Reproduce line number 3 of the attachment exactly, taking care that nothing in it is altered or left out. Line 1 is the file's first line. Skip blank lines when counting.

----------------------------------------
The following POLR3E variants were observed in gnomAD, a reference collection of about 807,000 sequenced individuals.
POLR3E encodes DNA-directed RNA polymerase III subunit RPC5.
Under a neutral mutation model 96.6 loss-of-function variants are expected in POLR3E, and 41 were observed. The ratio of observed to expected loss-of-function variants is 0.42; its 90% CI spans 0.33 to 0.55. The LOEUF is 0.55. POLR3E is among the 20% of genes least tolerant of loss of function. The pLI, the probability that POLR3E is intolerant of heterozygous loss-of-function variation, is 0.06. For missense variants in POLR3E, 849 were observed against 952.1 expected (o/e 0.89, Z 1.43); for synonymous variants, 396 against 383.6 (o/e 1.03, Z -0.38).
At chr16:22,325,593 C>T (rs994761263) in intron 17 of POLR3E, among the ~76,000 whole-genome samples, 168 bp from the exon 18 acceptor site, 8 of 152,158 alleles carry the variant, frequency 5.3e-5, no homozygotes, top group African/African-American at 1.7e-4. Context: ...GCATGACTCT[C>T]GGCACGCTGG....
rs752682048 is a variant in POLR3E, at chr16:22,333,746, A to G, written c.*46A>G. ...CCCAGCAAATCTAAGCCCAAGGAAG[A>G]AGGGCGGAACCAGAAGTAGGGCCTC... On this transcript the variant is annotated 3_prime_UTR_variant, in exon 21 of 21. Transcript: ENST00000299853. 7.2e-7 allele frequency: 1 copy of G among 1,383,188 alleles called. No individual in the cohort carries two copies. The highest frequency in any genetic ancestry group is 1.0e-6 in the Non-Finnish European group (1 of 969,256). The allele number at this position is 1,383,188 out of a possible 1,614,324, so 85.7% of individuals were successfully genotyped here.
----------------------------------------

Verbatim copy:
Under a neutral mutation model 96.6 loss-of-function variants are expected in POLR3E, and 41 were observed. The ratio of observed to expected loss-of-function variants is 0.42; its 90% CI spans 0.33 to 0.55. The LOEUF is 0.55. POLR3E is among the 20% of genes least tolerant of loss of function. The pLI, the probability that POLR3E is intolerant of heterozygous loss-of-function variation, is 0.06. For missense variants in POLR3E, 849 were observed against 952.1 expected (o/e 0.89, Z 1.43); for synonymous variants, 396 against 383.6 (o/e 1.03, Z -0.38).